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How Vettel went from hero to villain to superhero

Last updated on: April 13, 2013 08:28 IST

How Vettel went from hero to villain to superhero

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With the season just two races old, this is nothing short of a declaration of war. And Formula One hasn't seen a proper teammate war for a while, says Raja Sen

Champagne isn't traditionally a drink for the miserable, but the podium at the Malaysian Grand Prix featured three drivers who each looked like they'd rather be elsewhere:

1. Sebastian Vettel of Red Bull was the race winner, having won after disobeying team orders that said he should finish in formation behind his teammate.

2. Mark Webber, the said teammate, came second after leading most of the race and seething about how Seb doesn't follow orders and gets whatever he wants.

3. Lewis Hamilton rounded off the podium with a third place finish for Mercedes, one he got because Nico Rosberg, his faster teammate, was repeatedly told not to overtake Lewis.

- PHOTOS: Vettel seals controversial Malaysia win

Dramatic stuff, this. The public hissed its dissent across forums and messageboards, Twitter and Facebook, intriguingly upset at both implementations of orders: upset that Vettel had ignored team orders and ambushed his teammate, but upset also that Nico Rosberg had obeyed the word from his pit-wall.

This is, naturally, down to underdog-support more than anything else: most people would rather see Webber beat Vettel and Rosberg beat Hamilton, simply because it'd signal a break in the status quo.

Image: Sebastian Vettel
Photographs: Mark Thompson/Getty Images

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Hamilton No. 1 choice at Mercedes

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Things at Mercedes appear simple enough. Lewis Hamilton may deny it till he's blue in the face, but team principal Ross Brawn has had his most glorious moments with one driver firmly ahead of the other, and Mercedes must have offered him a Number One position in the team. Either that, or Brawn really doesn't trust Rosberg to show season-long consistency.

Assumptions aside, the fact is that Rosberg was visibly quicker than Hamilton and could have challenged the Red Bulls ahead, but despite him arguing on the radio and wanting to overtake, Brawn shut the door firmly, like a ticked-off schoolmaster. (Or Gandalf, even: Nico, Thou Shalt Not Pass.)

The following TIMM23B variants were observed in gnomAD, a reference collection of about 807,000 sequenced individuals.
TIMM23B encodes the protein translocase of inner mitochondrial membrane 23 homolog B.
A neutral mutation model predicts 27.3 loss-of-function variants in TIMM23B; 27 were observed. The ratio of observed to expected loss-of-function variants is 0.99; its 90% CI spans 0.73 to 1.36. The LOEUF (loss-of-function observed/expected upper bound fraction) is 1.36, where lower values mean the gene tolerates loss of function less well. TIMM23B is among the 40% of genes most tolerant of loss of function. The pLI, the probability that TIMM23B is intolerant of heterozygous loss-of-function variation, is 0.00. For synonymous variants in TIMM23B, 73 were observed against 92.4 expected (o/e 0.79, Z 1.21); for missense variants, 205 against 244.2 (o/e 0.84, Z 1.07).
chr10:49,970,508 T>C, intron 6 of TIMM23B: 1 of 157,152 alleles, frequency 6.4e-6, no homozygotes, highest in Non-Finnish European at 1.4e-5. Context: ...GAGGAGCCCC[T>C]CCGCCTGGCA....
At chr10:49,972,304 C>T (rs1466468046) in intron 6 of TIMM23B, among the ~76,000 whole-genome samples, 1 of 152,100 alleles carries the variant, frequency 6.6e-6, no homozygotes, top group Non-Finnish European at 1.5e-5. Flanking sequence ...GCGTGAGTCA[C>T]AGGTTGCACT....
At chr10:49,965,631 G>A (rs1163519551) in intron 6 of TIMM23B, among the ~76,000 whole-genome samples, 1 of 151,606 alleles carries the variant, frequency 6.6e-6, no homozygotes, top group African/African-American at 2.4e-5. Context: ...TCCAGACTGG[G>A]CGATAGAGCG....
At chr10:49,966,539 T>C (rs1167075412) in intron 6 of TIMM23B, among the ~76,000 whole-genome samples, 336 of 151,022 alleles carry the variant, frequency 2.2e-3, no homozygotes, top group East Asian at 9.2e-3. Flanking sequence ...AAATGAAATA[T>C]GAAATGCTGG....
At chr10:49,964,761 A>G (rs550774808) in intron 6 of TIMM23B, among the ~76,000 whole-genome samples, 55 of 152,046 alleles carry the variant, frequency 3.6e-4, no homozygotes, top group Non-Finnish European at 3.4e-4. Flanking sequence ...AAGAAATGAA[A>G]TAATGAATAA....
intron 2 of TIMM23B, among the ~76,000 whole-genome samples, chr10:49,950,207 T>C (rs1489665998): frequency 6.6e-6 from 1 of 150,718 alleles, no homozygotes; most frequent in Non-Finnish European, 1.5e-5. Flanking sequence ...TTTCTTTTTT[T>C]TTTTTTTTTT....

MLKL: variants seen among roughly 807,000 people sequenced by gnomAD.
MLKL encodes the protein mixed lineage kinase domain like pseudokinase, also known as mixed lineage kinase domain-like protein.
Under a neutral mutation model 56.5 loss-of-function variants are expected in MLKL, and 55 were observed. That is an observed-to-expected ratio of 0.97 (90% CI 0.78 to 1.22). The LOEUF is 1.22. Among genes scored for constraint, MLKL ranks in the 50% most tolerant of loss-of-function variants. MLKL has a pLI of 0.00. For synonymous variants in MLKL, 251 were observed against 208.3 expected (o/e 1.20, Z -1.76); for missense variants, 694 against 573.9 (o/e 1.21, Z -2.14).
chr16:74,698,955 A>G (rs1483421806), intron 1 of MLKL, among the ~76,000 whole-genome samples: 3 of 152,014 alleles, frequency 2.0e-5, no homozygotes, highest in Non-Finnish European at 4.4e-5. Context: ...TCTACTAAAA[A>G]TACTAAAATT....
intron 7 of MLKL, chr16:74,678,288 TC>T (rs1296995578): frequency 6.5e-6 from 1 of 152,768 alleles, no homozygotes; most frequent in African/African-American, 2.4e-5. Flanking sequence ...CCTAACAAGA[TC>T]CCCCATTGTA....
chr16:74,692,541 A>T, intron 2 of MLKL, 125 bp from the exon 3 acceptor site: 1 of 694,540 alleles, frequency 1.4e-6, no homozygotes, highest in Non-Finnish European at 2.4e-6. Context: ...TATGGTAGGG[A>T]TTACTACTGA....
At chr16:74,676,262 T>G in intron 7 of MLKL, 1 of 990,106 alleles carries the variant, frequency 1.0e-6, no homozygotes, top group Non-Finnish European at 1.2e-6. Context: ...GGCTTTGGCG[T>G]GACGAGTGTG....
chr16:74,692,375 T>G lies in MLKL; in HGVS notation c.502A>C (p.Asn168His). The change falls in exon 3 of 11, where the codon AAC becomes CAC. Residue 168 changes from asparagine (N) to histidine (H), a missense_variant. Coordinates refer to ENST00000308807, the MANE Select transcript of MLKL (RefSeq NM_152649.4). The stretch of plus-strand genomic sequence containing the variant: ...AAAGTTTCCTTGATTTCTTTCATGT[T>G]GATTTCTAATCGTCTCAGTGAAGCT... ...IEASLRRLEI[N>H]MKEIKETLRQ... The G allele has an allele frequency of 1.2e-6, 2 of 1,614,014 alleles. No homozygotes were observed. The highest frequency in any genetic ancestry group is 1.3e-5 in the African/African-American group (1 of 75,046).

It was partly the plaintiveness of Rosberg's that made Brawn's act seem crueller, but as the dust cleared it was evident that neither Lewis Hamilton or Nico Rosberg are currently in charge at Mercedes: Brawn's the boss. At least for now.

Things have been far less idyllic on the other side of the paddock. Head honcho Christian Horner was made to look rather hapless by Red Bull's golden boy Vettel, and -- while during the race the redbullfighting looked like a terrific, tantalising tango -- the fact that Webber had followed orders and dialled his engine down before his teammate shot unexpectedly past him made Sebastian's act seem alarmingly deceitful.

Image: Lewis Hamilton
Photographs: Paul Gilham/Getty Images

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Stupid behaviour

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And indeed, over the last three weeks, the World Champion has been shamed -- by the public, by the press, by drivers current and vintage.

There have been calls for Red Bull to slap his wrist with a one-race ban, and much tut-tutting. 1997 champ Jacques Villeneuve even compared Vettel's "stupid" behaviour to Didier Pironi's in 1982, when Pironi had stolen a win from Gilles Villeneuve -- an act that enraged Gilles enough for him to make a fatal error in a crash a fortnight later.